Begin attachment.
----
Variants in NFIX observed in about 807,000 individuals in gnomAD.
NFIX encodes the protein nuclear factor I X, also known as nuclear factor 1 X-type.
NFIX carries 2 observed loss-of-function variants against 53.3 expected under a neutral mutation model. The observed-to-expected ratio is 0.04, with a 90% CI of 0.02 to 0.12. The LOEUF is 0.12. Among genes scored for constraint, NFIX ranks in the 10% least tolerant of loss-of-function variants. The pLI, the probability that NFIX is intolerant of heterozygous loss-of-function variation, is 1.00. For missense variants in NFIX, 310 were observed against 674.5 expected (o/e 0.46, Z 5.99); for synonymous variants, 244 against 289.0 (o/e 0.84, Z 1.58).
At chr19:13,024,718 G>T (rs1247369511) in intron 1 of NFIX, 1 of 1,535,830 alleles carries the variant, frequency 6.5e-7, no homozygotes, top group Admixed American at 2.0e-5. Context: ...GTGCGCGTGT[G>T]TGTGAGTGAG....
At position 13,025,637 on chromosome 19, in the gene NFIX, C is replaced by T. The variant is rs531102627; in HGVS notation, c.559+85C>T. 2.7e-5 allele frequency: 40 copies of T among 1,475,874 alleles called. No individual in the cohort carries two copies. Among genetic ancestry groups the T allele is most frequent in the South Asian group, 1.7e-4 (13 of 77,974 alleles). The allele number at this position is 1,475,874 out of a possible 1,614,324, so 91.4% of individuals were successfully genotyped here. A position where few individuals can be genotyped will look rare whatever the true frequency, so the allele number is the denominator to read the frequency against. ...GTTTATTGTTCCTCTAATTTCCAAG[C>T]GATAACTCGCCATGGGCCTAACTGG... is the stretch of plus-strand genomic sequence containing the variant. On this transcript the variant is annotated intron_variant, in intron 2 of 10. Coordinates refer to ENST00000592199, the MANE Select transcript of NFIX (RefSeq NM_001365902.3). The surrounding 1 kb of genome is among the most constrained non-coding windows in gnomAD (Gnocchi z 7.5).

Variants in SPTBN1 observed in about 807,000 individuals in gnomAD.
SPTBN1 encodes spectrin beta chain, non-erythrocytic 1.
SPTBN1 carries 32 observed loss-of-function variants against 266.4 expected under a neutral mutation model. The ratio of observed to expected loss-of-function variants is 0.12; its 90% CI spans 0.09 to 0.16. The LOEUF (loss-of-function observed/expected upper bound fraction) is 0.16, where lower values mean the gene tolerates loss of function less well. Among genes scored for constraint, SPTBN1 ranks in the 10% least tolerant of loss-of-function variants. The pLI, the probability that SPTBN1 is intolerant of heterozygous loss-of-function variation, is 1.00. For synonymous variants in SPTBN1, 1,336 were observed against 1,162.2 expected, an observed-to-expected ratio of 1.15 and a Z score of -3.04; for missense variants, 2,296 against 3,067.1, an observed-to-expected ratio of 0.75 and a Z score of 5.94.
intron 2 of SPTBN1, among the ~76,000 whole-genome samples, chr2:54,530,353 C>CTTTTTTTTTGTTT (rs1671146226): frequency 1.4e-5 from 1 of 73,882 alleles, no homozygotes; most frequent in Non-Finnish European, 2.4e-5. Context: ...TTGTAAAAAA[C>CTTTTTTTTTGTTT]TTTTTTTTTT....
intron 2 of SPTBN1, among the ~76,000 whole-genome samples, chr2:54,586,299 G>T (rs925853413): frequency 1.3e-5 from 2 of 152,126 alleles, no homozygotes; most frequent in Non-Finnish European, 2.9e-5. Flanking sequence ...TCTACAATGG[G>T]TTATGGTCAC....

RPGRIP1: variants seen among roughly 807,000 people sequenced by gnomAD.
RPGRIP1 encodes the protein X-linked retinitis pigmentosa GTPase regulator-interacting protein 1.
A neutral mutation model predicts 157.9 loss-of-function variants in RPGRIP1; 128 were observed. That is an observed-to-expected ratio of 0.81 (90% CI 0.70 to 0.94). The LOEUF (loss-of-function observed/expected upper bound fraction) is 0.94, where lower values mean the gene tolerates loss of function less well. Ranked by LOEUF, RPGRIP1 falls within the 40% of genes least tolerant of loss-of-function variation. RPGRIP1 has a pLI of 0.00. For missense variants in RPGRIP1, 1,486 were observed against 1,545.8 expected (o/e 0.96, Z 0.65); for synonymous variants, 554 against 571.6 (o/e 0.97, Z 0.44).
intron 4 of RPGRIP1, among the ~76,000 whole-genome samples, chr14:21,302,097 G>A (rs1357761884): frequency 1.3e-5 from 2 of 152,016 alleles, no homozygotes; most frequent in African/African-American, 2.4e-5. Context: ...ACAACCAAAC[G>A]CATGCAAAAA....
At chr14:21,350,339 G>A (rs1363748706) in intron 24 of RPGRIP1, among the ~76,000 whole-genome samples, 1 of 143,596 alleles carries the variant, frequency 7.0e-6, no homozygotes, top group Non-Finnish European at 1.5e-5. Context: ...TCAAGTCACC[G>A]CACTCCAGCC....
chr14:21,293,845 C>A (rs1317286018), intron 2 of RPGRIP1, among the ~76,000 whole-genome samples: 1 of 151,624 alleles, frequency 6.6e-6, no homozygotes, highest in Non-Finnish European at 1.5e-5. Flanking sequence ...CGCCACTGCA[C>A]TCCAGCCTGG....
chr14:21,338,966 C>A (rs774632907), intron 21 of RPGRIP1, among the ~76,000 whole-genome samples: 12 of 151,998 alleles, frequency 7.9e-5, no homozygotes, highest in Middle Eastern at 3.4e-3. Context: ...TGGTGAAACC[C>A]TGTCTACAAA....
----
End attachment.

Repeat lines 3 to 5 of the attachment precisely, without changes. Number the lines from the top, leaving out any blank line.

NFIX carries 2 observed loss-of-function variants against 53.3 expected under a neutral mutation model. The observed-to-expected ratio is 0.04, with a 90% CI of 0.02 to 0.12. The LOEUF is 0.12. Among genes scored for constraint, NFIX ranks in the 10% least tolerant of loss-of-function variants. The pLI, the probability that NFIX is intolerant of heterozygous loss-of-function variation, is 1.00. For missense variants in NFIX, 310 were observed against 674.5 expected (o/e 0.46, Z 5.99); for synonymous variants, 244 against 289.0 (o/e 0.84, Z 1.58).
At chr19:13,024,718 G>T (rs1247369511) in intron 1 of NFIX, 1 of 1,535,830 alleles carries the variant, frequency 6.5e-7, no homozygotes, top group Admixed American at 2.0e-5. Context: ...GTGCGCGTGT[G>T]TGTGAGTGAG....
At position 13,025,637 on chromosome 19, in the gene NFIX, C is replaced by T. The variant is rs531102627; in HGVS notation, c.559+85C>T. 2.7e-5 allele frequency: 40 copies of T among 1,475,874 alleles called. No individual in the cohort carries two copies. Among genetic ancestry groups the T allele is most frequent in the South Asian group, 1.7e-4 (13 of 77,974 alleles). The allele number at this position is 1,475,874 out of a possible 1,614,324, so 91.4% of individuals were successfully genotyped here. A position where few individuals can be genotyped will look rare whatever the true frequency, so the allele number is the denominator to read the frequency against. ...GTTTATTGTTCCTCTAATTTCCAAG[C>T]GATAACTCGCCATGGGCCTAACTGG... is the stretch of plus-strand genomic sequence containing the variant. On this transcript the variant is annotated intron_variant, in intron 2 of 10. Coordinates refer to ENST00000592199, the MANE Select transcript of NFIX (RefSeq NM_001365902.3). The surrounding 1 kb of genome is among the most constrained non-coding windows in gnomAD (Gnocchi z 7.5).